David Gilroy: how police solved a murder mystery

David Gilroy: how police solved a murder mystery
The Herald
15 March 2012

Police today spelled out how they pieced together the case against David Gilroy, the former lover of Edinburgh book-keeper Suzanne Pilley, who has been found guilty of her murder.

Gilroy always denied killing the 38-year old in May 2010 and attempting to defeat the ends of justice by concealing her body.

The "groundbreaking" police investigation into Suzanne's murder saw officers spend months viewing hours of CCTV footage taken in Edinburgh city centre and from roads in rural Argyll.

Detectives did not have a body and were dealing with an "unusual" and complex" case.

It started as a routine missing persons inquiry, with Miss Pilley's parents alerting officers their daughter had not turned up for work and could not be contacted.

Investigations soon led to the belief that Ms Pilley was dead. She was captured on CCTV getting off a bus at Jenners and going to a nearby supermarket on the morning of May 4, 2010. She was making a "routine journey to work" but was never seen again.

When police visited her home they found her passport, some cash and medication. There was nothing missing and nothing disturbed. Her family said there was nothing out of the ordinary.

The 38-year-old had a close relationship with her parents, contacting them daily. That stopped abruptly on the day she disappeared. None of her bank accounts were touched and her credit cards have never been used.

Prosecutors said these facts, brought together, demonstrated Suzanne was dead.

David Gilroy, 49, was first interviewed by police as a witness when it emerged the two had a relationship.

Police phoned him on his mobile the day after she was reported missing and he told them he was in Lochgilphead, Argyll, on business. He returned to Edinburgh late that night and gave a statement to officers.

Police said he was extremely co-operative and his statement ran to 59 pages after an 11-hour interview.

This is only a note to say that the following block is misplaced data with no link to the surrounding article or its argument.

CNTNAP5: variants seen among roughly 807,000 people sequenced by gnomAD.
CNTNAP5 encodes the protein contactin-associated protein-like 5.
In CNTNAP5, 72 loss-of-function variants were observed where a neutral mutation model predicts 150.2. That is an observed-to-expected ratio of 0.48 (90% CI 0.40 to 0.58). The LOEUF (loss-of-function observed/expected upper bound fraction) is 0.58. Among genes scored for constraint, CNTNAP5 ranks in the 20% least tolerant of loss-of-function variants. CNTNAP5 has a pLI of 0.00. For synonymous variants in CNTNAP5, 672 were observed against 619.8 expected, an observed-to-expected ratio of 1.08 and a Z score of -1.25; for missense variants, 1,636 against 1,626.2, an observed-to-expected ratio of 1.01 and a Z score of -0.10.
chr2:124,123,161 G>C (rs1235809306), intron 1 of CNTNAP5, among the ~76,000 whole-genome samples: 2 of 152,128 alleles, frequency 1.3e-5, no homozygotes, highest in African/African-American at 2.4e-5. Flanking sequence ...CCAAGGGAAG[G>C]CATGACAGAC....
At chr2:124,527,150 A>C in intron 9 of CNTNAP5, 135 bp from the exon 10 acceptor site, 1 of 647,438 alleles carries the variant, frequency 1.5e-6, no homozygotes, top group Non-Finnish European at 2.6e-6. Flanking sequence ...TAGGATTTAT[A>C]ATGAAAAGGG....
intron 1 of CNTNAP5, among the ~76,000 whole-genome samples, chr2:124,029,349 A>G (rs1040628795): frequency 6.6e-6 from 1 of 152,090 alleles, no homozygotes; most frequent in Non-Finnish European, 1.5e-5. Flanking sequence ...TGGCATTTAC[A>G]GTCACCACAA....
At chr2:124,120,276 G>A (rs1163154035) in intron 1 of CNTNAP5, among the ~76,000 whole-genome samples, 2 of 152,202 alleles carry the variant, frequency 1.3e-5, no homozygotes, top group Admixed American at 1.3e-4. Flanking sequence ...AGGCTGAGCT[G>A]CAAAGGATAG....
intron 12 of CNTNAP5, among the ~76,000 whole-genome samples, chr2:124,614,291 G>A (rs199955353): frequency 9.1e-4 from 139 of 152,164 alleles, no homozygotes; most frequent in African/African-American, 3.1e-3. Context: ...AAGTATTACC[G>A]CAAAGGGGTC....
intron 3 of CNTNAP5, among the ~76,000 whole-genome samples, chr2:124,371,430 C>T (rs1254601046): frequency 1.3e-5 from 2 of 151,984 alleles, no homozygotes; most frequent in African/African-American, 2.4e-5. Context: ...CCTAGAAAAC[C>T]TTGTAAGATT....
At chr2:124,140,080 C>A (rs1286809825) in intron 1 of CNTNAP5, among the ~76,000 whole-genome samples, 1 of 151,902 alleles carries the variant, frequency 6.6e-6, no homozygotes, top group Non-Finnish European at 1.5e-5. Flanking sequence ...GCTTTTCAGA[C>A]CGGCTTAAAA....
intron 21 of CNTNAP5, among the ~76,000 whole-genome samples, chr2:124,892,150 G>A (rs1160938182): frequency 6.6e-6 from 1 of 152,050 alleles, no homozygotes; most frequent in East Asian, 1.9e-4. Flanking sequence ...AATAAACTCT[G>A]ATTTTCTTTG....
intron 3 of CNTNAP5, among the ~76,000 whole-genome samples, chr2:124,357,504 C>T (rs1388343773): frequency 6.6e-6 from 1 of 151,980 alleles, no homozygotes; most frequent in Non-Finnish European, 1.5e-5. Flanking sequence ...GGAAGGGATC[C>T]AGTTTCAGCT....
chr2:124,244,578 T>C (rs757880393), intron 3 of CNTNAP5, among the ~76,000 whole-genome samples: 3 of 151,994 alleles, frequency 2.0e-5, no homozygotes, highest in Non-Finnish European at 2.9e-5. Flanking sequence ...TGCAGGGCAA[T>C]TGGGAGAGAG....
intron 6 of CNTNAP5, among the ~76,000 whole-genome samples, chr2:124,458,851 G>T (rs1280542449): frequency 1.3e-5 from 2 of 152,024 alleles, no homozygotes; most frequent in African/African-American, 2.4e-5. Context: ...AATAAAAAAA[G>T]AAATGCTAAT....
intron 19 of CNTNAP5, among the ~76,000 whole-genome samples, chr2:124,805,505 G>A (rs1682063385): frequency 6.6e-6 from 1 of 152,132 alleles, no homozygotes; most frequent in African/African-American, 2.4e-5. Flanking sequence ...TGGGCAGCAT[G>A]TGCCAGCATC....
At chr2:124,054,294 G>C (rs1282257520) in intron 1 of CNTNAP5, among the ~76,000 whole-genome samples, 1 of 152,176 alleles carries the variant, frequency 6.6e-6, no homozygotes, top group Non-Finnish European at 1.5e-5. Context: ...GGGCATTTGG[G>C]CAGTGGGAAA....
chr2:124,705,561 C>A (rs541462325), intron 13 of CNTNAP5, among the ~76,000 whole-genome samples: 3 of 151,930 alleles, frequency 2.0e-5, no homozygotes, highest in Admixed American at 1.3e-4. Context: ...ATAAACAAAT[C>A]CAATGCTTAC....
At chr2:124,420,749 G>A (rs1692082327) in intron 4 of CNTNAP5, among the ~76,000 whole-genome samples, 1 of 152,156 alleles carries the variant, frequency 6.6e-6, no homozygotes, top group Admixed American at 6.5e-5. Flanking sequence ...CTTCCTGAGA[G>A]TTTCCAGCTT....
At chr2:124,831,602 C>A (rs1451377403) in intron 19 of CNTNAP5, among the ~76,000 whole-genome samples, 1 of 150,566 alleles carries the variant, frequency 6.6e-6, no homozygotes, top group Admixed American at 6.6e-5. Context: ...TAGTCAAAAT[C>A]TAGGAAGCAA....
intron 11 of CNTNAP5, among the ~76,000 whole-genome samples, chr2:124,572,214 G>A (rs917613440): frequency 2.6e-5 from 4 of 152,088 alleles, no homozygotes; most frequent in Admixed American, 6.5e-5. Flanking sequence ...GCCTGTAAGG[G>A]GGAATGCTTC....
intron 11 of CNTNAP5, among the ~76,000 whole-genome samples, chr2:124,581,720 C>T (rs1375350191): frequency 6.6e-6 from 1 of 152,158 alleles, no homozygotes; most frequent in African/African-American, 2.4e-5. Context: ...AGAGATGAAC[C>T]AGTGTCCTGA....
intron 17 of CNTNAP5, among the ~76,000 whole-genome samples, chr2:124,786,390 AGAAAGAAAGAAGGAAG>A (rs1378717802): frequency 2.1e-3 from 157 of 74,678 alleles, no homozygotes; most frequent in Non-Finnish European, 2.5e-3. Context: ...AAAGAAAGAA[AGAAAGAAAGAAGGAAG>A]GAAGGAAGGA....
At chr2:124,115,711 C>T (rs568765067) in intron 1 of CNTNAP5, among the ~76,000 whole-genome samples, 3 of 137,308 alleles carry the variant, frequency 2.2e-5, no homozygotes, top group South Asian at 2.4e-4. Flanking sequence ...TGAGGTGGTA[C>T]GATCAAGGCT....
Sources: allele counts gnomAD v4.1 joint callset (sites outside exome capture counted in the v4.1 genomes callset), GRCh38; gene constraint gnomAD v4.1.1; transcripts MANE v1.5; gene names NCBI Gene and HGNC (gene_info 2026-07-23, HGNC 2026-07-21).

Officers noticed cuts on his hands, and Gilroy was asked to attend a forensic medical examination the next day. They believed he was covering the cuts with a "flesh-coloured substance", possibly make-up.

This was the "turning point" in his status, police said, but it took many hundreds more hours of police work to piece together the circumstantial case.

Specialist cadaver dogs brought in from South Yorkshire Police were used to search the basement and garage of the Thistle Street building where they both worked at Infrastructure Managers Limited. They also turned their attention to the boot of Gilroy's silver Vauxhall Vectra car.

The court heard areas of "interest" were found by the dog but no DNA or forensics linking him or Suzanne to the office areas were uncovered. No forensic trace of her in his boot was found.

Detective superintendent Gary Flannigan, the senior investigating officer, said:
"The investigation into the murder of Suzanne Pilley has been groundbreaking and in many respects unique for Lothian and Borders Police.

"From the outset, we faced significant challenges and a routine missing persons inquiry quickly transformed into a murder investigation which relied heavily on information from the public."
He added:
"The thing that makes it unusual and unique for our force is the fact that we didn't have a body, I think that's what changes the complexity for ourselves and makes it such a difficult case for the crown as well. Our use of the cadaver dog is certainly groundbreaking, our application of CCTV and the media appeal."
During the trial, the court heard 20 officers analysed just one second of CCTV footage. Hundreds of cameras across Argyll were looked at as police investigated the route Gilroy took to Lochgilphead on May 5, 2010.

Despite a significant response to a public appeal looking for information from witnesses who might have spotted a silver car and a a considerable number of weeks spent searching the areas where his car was seen on CCTV, her body was never found.

Mr Flannigan said:
"We are confident that we have covered David Gilroy's movements from the moment he left IML on the Wednesday to the point he came to the police station. Clearly we've not looked in the right area or she's not been left there and there is always the possibility that she was placed somewhere else."

He added: "There's only one person who knows where Suzanne is, to our knowledge, and that's clearly David Gilroy."

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